The Specialty Equipment Market Association show this week promises to have a wide variety of aftermarket products that deliver style, entertainment and performance. Staff Reporter Gail Kachadourian identifies five trends worth watching.
|1. Asphalt ballet|
|As the activity of drifting gains momentum (see related story on Page 6P), companies are manufacturing suspension products designed for that activity. Drifting is a technique that involves controlled skids. American Products Co., in Corona, Calif., will exhibit prototypes of its drifting products at the SEMA show under the Drift Works brand name. These products include a hood and wide body panels that accommodate wide wheels and tires.|
|2 Getting into the groove|
|The aftermarket is catering to off-road enthusiasts who like "slickrock" driving. Companies are producing specialty wheels, tires and suspensions geared for the sport. Slickrock driving involves driving a 4x4 vehicle in competitions over extremely difficult obstacles, including steep walls. These might be natural or man-made obstacles.|
BFGoodrich of Greenville, S.C., for example, sells a 17-inch Krawler T/A tire that slickrock enthusiasts can order with about half of the tread area left blank so they can custom groove the tire themselves.
|3 Turning Japanese|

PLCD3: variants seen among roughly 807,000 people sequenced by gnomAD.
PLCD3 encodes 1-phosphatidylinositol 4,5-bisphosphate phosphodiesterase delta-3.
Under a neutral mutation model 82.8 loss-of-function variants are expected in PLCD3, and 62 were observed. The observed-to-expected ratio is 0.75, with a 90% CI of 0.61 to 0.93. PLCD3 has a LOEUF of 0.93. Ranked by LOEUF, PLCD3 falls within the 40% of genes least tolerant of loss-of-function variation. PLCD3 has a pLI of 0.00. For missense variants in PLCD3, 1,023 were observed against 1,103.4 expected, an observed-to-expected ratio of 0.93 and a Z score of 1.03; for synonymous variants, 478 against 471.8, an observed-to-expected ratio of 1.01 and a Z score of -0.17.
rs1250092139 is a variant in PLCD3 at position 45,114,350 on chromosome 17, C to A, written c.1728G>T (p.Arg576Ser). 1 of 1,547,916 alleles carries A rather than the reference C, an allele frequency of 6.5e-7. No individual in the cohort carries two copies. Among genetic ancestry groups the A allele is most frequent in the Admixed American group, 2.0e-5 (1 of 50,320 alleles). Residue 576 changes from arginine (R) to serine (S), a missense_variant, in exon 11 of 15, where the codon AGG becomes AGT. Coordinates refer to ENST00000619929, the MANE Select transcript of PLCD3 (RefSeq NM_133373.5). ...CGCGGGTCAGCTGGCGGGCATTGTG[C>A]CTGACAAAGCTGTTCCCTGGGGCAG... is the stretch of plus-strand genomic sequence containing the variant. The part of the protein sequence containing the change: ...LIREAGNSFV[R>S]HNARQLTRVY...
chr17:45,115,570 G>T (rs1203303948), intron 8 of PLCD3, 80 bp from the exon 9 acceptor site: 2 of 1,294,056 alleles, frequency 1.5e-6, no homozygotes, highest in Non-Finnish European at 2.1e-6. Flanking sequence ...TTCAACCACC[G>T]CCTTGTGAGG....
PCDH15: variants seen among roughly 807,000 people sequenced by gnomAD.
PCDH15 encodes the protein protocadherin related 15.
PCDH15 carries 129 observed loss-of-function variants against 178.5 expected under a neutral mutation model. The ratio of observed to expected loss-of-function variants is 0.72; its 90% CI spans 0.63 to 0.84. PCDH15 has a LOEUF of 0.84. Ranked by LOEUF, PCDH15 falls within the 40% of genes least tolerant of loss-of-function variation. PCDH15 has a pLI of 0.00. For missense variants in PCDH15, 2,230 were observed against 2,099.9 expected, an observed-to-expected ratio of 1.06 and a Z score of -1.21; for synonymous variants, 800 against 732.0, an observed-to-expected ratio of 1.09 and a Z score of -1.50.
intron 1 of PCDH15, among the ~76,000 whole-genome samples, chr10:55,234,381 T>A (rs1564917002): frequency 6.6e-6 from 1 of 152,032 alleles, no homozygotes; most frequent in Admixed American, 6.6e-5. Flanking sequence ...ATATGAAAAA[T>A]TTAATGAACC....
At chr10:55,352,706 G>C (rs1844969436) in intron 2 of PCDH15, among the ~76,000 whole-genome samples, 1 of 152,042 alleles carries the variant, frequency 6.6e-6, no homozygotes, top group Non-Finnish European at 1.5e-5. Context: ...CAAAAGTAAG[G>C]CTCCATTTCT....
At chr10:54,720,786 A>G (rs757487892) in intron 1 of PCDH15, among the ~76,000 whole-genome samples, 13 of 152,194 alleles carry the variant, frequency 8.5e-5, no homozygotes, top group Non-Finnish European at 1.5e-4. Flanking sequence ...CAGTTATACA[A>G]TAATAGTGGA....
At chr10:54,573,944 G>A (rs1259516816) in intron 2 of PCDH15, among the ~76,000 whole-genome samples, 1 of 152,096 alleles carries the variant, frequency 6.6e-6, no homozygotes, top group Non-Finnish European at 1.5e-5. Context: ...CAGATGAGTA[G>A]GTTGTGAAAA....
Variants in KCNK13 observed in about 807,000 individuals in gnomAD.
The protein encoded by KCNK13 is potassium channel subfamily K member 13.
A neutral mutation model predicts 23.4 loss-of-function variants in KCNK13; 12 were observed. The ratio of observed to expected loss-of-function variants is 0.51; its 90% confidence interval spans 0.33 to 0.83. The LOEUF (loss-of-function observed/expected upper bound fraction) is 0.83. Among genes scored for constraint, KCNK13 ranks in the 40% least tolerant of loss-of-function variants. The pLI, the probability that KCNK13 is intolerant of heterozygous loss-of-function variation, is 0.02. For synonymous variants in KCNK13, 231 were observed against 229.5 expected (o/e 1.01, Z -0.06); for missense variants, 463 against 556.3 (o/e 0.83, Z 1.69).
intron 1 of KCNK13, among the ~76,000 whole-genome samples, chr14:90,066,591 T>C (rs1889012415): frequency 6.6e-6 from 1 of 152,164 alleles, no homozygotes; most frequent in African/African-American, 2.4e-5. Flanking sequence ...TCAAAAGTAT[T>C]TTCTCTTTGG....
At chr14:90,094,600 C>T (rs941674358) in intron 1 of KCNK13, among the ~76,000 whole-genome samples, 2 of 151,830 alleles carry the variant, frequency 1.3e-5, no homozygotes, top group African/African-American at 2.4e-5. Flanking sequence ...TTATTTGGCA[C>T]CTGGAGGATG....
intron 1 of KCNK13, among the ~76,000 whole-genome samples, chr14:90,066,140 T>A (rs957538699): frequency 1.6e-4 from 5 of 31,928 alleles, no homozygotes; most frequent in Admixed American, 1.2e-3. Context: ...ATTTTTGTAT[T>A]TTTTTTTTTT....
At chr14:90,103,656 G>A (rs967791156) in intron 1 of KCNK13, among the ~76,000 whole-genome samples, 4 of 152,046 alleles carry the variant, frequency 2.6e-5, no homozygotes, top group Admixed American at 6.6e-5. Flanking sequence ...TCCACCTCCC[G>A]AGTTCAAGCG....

|Americans' pursuit of aftermarket parts made specifically for the Japanese domestic market shows no sign of letting up, SEMA says. Some of the Japanese products making their way into vehicles made for the U.S. market include engines, exterior lights, grilles, exterior cladding (shown at left), seats and gauge clusters.|
|4 Watch what you're doing|
|The number of mobile electronics exhibitors at this year's SEMA show and the amount of space they occupy will be twice what they were last year, show organizers say. On display will be a Pioneer navigation and entertainment center that uses sensors to show vehicle performance information, such as speedometer and tachometer data. Consumers also are adding more video screens in their vehicles in various places, including headrests, headliners and door panels. The screens are used for video games and for watching movies and TV.|
|5 Just rolling along|
|Wheel styles come and go, but the trend has been that wheels keep getting bigger. The majority of aftermarket car wheels sold in the U.S. market are 17 to 18 inches in diameter, but wheels that are 20 inches and larger are growing in popularity. Most original-equipment car wheels are 15 or 16 inches. Also popular are LED (for "light-emitting diode") lights that make wheels glow. This LED wheel light from StreetGlow Inc. of Wayne, N.J., will retail for $14.99 when it goes on sale in January.|